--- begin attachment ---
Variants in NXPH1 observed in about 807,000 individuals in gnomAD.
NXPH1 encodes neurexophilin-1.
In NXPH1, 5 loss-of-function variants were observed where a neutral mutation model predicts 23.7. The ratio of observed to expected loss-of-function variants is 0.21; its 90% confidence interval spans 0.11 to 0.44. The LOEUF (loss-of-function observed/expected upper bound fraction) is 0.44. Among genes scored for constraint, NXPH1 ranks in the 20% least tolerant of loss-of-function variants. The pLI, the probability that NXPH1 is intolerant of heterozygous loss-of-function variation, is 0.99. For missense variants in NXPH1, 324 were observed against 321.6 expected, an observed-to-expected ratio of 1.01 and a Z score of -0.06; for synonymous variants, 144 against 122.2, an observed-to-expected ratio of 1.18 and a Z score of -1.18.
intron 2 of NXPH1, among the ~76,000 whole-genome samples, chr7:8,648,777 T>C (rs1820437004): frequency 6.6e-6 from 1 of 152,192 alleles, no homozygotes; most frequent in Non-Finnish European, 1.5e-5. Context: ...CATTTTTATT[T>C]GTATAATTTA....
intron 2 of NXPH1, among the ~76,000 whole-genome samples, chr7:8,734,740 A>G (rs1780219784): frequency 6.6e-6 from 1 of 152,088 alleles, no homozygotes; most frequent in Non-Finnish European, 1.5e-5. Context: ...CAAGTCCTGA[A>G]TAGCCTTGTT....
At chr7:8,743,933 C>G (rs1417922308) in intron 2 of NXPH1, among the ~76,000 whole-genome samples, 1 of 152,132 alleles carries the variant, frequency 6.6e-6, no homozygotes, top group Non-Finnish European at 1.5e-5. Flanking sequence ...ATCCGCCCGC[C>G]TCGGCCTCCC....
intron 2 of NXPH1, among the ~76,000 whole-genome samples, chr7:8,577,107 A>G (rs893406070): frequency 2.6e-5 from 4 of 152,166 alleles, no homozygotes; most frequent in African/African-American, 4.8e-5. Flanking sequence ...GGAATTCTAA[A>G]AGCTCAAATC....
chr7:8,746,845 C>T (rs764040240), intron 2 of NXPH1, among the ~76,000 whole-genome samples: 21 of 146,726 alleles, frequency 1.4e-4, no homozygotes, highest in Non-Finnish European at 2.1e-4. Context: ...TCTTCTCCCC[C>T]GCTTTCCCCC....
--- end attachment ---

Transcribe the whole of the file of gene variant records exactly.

Variants in NXPH1 observed in about 807,000 individuals in gnomAD.
NXPH1 encodes neurexophilin-1.
In NXPH1, 5 loss-of-function variants were observed where a neutral mutation model predicts 23.7. The ratio of observed to expected loss-of-function variants is 0.21; its 90% confidence interval spans 0.11 to 0.44. The LOEUF (loss-of-function observed/expected upper bound fraction) is 0.44. Among genes scored for constraint, NXPH1 ranks in the 20% least tolerant of loss-of-function variants. The pLI, the probability that NXPH1 is intolerant of heterozygous loss-of-function variation, is 0.99. For missense variants in NXPH1, 324 were observed against 321.6 expected, an observed-to-expected ratio of 1.01 and a Z score of -0.06; for synonymous variants, 144 against 122.2, an observed-to-expected ratio of 1.18 and a Z score of -1.18.
intron 2 of NXPH1, among the ~76,000 whole-genome samples, chr7:8,648,777 T>C (rs1820437004): frequency 6.6e-6 from 1 of 152,192 alleles, no homozygotes; most frequent in Non-Finnish European, 1.5e-5. Context: ...CATTTTTATT[T>C]GTATAATTTA....
intron 2 of NXPH1, among the ~76,000 whole-genome samples, chr7:8,734,740 A>G (rs1780219784): frequency 6.6e-6 from 1 of 152,088 alleles, no homozygotes; most frequent in Non-Finnish European, 1.5e-5. Context: ...CAAGTCCTGA[A>G]TAGCCTTGTT....
At chr7:8,743,933 C>G (rs1417922308) in intron 2 of NXPH1, among the ~76,000 whole-genome samples, 1 of 152,132 alleles carries the variant, frequency 6.6e-6, no homozygotes, top group Non-Finnish European at 1.5e-5. Flanking sequence ...ATCCGCCCGC[C>G]TCGGCCTCCC....
intron 2 of NXPH1, among the ~76,000 whole-genome samples, chr7:8,577,107 A>G (rs893406070): frequency 2.6e-5 from 4 of 152,166 alleles, no homozygotes; most frequent in African/African-American, 4.8e-5. Flanking sequence ...GGAATTCTAA[A>G]AGCTCAAATC....
chr7:8,746,845 C>T (rs764040240), intron 2 of NXPH1, among the ~76,000 whole-genome samples: 21 of 146,726 alleles, frequency 1.4e-4, no homozygotes, highest in Non-Finnish European at 2.1e-4. Context: ...TCTTCTCCCC[C>T]GCTTTCCCCC....